Judge to NCUA: Key parts of membership rule 'unreasonable'
A federal judge on Thursday struck down two provisions of the National Credit Union Administration's embattled field of membership regulation, ruling that certain parts of it were "unreasonable and manifestly contrary to statute."
But the decision was not a complete victory for the American Bankers Association, which had sued to block the rule, as Judge Dabney Friedrich also upheld other provisions of the rule.
Friedrich said the rule should not have automatically qualified a statistical area with fewer than 2.5 million people as a local community and sharply criticized the rule's allowance of a rural district as an area up to 1 million people, even if it crossed state lines.
"Because the rule automatically qualifies areas larger than states as rural districts even though the term commonly referred to areas smaller than a county, the NCUA’s definitional decision is unreasonable and manifestly contrary to the statute," said Friedrich, who ruled on behalf of the U.S. District Court for the District of Columbia.
The American Bankers Association touted the decision as a win, albeit a partial one.
“It never made sense that an entire region could be declared a ‘local community’ or that an entire state could be declared a ‘rural district,’ and today’s ruling recognizes that fact,” Rob Nichols, the trade group's president and CEO, said in a press release.
“Today’s decision also affirms what we have known for years — NCUA won’t hesitate to push the boundaries of reason for the credit union industry even at the expense of taxpayers, small banks and the communities those banks serve," Nichols said.
National credit union trade groups — including the National Association of Federally-Insured Credit Unions, the Credit Union National Association and CUNA Mutual Group — quickly released a joint statement that criticized the ruling while promising to continue to fight to support the NCUA’s rule.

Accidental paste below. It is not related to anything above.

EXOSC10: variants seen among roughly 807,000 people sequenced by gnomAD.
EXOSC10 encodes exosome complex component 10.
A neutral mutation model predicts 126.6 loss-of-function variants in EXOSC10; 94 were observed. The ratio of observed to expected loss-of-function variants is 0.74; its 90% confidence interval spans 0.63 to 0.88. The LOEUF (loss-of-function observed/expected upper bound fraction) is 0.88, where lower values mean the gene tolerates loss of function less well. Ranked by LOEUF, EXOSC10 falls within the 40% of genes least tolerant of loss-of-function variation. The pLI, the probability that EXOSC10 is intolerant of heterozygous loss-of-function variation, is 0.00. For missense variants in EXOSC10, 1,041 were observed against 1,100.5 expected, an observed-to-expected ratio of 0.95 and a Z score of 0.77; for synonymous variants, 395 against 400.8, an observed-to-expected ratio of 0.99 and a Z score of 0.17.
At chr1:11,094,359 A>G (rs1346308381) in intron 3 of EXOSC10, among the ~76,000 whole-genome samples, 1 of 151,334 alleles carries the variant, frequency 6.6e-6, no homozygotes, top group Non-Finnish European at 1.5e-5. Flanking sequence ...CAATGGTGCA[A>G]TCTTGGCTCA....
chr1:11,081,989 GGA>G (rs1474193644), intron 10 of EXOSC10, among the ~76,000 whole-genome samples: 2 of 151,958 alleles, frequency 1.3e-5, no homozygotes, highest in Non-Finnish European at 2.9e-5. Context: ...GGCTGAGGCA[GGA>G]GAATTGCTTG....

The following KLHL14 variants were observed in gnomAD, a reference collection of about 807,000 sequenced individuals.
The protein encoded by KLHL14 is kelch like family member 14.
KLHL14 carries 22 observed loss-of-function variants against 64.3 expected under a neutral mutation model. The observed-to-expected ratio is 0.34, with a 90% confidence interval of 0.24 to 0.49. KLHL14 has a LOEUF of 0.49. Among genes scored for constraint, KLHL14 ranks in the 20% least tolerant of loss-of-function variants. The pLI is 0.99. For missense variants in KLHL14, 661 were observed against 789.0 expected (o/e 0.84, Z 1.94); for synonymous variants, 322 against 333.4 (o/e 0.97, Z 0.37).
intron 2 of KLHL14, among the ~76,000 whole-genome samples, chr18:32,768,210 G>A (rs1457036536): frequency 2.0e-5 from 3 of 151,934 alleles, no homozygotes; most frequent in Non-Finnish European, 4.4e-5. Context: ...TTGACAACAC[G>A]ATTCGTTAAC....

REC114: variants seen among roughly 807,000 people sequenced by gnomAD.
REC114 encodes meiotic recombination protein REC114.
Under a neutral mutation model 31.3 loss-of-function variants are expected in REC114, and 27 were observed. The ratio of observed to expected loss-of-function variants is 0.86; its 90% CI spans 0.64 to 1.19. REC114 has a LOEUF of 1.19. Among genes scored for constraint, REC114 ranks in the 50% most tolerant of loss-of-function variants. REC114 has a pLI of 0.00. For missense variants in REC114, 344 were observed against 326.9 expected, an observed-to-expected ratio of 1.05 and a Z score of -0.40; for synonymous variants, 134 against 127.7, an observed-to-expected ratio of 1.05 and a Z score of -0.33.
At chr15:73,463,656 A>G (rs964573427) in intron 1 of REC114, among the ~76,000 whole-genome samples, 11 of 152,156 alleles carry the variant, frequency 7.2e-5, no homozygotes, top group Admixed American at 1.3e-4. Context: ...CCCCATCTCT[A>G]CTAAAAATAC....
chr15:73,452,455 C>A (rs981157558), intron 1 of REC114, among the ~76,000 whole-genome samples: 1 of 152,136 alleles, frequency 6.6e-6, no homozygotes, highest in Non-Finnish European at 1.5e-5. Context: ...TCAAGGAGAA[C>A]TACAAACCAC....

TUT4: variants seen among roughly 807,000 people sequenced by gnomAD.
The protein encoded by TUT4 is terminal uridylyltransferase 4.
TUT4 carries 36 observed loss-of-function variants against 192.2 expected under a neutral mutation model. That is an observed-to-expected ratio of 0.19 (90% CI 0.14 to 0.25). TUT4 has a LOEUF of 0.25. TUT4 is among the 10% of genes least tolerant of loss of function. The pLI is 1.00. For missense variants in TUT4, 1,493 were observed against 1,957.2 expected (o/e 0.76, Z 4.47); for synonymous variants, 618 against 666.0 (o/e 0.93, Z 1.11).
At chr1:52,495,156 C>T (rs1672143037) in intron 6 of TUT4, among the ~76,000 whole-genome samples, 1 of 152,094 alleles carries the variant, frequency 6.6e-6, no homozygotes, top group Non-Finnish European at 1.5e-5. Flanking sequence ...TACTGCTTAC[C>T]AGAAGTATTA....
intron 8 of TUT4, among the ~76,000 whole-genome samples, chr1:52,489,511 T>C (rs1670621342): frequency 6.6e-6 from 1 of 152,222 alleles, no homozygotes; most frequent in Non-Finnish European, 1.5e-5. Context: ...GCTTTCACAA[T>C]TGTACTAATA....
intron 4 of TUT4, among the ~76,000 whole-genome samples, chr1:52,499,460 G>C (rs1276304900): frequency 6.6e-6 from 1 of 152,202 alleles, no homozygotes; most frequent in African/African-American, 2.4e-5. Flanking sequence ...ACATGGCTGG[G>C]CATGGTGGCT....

"Our organizations are pleased the court upheld components of the NCUA's field-of-membership rule; however, we strongly disagree with the court's decision that aspects of the rule exceed the agency's legal authority," the groups said in a statement. "The field-of-membership rule is not only entirely consistent with the Federal Credit Union Act, but also credit unions must have the ability to grow and serve more Americans. As the parties consider their options going forward, we will continue to support the agency on this critical issue."
Friedrich upheld provisions that allow credit unions to serve core-based statistical areas without serving the urban core that defines the area, and the ability to add “adjacent areas” to existing well-defined local communities on a case-by-case basis. Though even here, Friedrich sounded a note of caution, saying that the definition of core-based statistical areas "pushes against the outer limits of reasonableness."
This was the fourth time the ABA has successfully sued the NCUA over its membership policies. One of those lawsuits — NCUA v. First National Bank & Trust Co. in 1998 — was argued before the U.S. Supreme Court and led directly to the Credit Union Membership Access Act of 1998.